Monday, March 04, 2013

Ten years ago.....the Akron Beacon Journal tells the story

Retired teachers applaud folk hero
Chillicothe school superintendent's persistence sheds light on excesses of Ohio retirement system
By Stephanie Warsmith
Beacon Journal staff writer

August 11, 2003 
CHILLICOTHE - To many retired teachers in Ohio, he has become a hero.
In Dennis Leone's mind, he is just a concerned, small-town superintendent who couldn't believe a persistent rumor: The State Teachers Retirement System was spending money lavishly while he and other Ohio school leaders faced shrinking budgets and difficult cuts.
The truth turned out to be worse than the gossip: nearly $20 million in employee bonuses in the past three years; $530,000 spent during that time by board members on travel expenses; and $94.2 million put into a new STRS headquarters in Columbus.
At the same time, STRS assets -- now at $47.2 billion -- were declining, and the 400,000 active and retired teachers who pay into the pension fund were being asked to pay more for health care benefits.
``The board's spending practices are completely foreign to the members they serve,'' said Leone, a 28-year educator who was a candidate for Akron superintendent two years ago.
Since Leone first uncovered the STRS spending practices, three bills have been introduced in the state legislature to provide more oversight, the pension fund's executive director has stepped down -- taking $550,000 with him -- and a financial audit of the fund has been ordered.
Many say the extraordinary turn of events might not have happened if Leone hadn't been determined to uncover the truth.
``He has been the crusader of this cause,'' said Sen. Kirk Schuring, a Jackson Township legislator who introduced one of the pending STRS bills. ``I think every member of STRS -- both the active and retired ones -- owes Dennis Leone a debt of gratitude.''
Budget crisis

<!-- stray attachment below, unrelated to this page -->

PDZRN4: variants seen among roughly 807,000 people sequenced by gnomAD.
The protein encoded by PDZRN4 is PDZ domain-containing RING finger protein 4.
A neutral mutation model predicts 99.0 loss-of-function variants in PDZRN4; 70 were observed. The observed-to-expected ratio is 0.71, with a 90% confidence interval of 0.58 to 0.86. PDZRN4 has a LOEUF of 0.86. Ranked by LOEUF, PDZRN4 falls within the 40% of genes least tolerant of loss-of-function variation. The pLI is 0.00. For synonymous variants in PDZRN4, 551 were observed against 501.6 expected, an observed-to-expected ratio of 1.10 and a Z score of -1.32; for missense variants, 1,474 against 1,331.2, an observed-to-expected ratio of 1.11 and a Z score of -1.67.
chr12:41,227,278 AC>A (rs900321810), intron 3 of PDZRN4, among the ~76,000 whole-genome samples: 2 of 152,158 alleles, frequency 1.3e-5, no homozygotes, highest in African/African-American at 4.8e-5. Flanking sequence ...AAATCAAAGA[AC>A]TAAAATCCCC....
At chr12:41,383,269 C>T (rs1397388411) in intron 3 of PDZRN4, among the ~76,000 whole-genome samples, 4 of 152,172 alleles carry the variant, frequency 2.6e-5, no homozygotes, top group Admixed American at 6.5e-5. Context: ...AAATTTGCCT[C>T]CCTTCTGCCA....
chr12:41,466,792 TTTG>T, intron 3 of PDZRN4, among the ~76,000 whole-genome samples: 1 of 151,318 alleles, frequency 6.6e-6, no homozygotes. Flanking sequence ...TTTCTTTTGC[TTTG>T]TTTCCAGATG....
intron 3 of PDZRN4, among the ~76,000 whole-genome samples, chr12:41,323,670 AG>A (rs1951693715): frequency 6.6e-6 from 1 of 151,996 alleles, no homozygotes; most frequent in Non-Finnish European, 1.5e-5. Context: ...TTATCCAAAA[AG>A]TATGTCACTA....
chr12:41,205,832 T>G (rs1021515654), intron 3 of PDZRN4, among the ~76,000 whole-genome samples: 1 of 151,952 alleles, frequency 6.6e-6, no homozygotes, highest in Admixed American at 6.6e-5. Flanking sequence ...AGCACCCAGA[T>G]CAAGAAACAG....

At the same time that Leone was verifying rumors about excessive STRS spending, he was facing a budget crisis in his 4,000-student district an hour south of Columbus.
He needed to slash $1.7 million and knew that could involve school closings and layoffs. It was necessary because of state cuts and declining tax revenue from Mead Paper Co. -- one of Chillicothe's largest employers -- which laid off 500 people and closed part of its plant.
``The parents don't like it. I don't like it. It's the reality of what I have to do,'' Leone, 53, said recently as he headed to a middle school being converted into a massive elementary school to save money.
Leone said that facing what he describes as the most difficult time in his career made him more determined to probe STRS.
In early February, he wrote a letter to the STRS board asking 12 questions about rising health care costs for retired teachers and STRS spending practices. He waited six weeks and got no response. Then he went to the March STRS board meeting and voiced his concerns.
``I said, `My district is in difficult financial times and I expect to have to close some schools. I would like to know what you're doing to cut costs,' '' Leone recalled.
Two weeks later, Leone got an e-mail from Herb Dyer, the former executive director of STRS who stepped down Tuesday with a $550,000 severance package. Retired teachers and more than 100 state legislators had called for Dyer's resignation -- partly because of his manner in responding to their queries.